In January 2011 Martin Wolf wrote an introduction to my article The global economy’s shifting centre of gravity in Global Policy but decided not to follow it up himself.
Recently, the article has seen some coverage in the international media.
I'm not lazy, not really. But if I divert all these writeups into just this blog, reader comments are lost as they remain on the original website. And those comments are, well, some of the most interesting things I get to read regularly.
So WSJ's Chris Shea The pull of economic gravity 2011.03.19, CNN's Global Public Square 2011.04.07, NYT's Catherine Rampell 2011.03.24, FT's Alphaville 2011.03.23, and even FT's John Gapper 2011.03.24, who calls me "Mr Shah" (Damn you, Autocorrect), are best left in their native domains. There are items to aid teaching (econlife 2011.03.27), posts in languages I don't completely understand (Javier Andres's East Wind, West Wind 2011.04.14), versions souped-up into colorful alternate projections (Anders Sandberg's 2011.04.15), interpretations from different parts of the world and therefore providing, literally, different perspectives (2.6 billion 2011.03.25), and, not least, reactions from friends like Bill Easterly, as in his Should the West get hysterical?2011.03.23.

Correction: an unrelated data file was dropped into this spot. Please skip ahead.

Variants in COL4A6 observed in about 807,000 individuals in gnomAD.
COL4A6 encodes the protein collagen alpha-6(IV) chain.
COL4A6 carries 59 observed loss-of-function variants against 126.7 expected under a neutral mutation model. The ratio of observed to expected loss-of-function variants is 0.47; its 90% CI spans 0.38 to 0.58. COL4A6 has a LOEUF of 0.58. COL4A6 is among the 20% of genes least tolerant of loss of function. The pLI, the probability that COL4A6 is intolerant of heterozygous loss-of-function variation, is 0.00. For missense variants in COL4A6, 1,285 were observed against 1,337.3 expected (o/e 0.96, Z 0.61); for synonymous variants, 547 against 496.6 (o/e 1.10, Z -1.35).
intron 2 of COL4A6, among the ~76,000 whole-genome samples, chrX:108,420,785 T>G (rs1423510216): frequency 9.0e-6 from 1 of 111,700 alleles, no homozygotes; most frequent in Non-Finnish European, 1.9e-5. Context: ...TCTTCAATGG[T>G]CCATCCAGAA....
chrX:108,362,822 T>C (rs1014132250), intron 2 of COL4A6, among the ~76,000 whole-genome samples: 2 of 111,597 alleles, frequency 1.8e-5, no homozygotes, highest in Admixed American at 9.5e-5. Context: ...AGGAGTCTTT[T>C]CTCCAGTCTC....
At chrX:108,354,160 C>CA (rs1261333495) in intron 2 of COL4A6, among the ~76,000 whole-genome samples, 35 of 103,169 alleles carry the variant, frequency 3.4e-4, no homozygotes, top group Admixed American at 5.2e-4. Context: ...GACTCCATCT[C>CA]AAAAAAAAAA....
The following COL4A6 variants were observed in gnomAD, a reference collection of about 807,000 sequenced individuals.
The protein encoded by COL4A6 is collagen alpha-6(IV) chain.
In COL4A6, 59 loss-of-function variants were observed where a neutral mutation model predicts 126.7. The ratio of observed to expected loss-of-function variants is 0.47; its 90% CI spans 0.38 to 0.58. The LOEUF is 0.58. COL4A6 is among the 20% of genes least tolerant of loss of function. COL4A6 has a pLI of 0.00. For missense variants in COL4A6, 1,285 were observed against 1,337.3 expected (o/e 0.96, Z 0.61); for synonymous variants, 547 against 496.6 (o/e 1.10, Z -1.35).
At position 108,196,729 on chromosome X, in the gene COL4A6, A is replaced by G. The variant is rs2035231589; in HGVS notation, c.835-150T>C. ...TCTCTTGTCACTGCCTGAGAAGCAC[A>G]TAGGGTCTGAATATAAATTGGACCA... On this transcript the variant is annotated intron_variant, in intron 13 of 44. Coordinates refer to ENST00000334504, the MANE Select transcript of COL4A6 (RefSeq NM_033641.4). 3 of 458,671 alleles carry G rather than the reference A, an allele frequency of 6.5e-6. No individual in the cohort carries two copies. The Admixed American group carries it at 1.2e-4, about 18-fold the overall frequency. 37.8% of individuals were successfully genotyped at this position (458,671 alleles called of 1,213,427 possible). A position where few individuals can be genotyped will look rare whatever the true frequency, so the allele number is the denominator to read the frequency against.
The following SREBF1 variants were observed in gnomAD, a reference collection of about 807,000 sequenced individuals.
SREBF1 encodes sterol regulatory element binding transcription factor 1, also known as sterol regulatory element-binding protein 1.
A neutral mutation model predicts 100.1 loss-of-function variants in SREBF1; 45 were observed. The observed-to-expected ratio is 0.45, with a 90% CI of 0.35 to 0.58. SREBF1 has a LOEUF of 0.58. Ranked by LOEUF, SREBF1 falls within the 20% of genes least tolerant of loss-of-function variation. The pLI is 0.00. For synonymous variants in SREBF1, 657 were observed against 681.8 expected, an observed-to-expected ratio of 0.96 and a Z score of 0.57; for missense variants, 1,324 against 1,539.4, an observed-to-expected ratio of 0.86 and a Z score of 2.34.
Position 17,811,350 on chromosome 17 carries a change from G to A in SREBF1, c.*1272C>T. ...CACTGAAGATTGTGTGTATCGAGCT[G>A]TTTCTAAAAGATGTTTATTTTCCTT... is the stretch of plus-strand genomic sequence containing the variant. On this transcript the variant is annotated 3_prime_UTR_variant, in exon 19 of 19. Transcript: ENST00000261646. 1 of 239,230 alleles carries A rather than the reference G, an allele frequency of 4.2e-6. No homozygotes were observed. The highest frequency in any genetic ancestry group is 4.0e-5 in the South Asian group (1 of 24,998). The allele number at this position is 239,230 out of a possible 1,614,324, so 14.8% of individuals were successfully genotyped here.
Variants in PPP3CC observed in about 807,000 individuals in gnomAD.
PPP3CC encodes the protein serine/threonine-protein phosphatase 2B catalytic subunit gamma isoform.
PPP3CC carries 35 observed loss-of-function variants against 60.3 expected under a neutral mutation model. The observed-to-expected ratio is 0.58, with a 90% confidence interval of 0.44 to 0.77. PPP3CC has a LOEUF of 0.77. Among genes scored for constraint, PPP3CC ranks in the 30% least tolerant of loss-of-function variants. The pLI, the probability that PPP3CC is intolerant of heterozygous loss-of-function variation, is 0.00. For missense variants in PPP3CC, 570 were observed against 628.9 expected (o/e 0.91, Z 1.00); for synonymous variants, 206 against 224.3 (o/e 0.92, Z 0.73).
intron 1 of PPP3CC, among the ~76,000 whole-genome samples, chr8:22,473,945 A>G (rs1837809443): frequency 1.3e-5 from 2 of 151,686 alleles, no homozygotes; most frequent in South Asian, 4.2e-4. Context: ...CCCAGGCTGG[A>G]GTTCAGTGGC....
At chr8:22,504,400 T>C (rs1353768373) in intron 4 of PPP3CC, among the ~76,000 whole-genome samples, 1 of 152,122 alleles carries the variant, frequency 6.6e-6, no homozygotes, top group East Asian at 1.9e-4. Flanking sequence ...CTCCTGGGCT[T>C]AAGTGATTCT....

Of the many different comments, I found particularly memorable:
By the way, it's intriguing to find people saying that what you write are things they already know, and when you ask them how they know it, they say, Everyone has been saying these things for a while now. In my experience, just as many people say the opposite. Either way, whatever you find with hard work on real data, you can't win.
I'm not complaining. Just saying.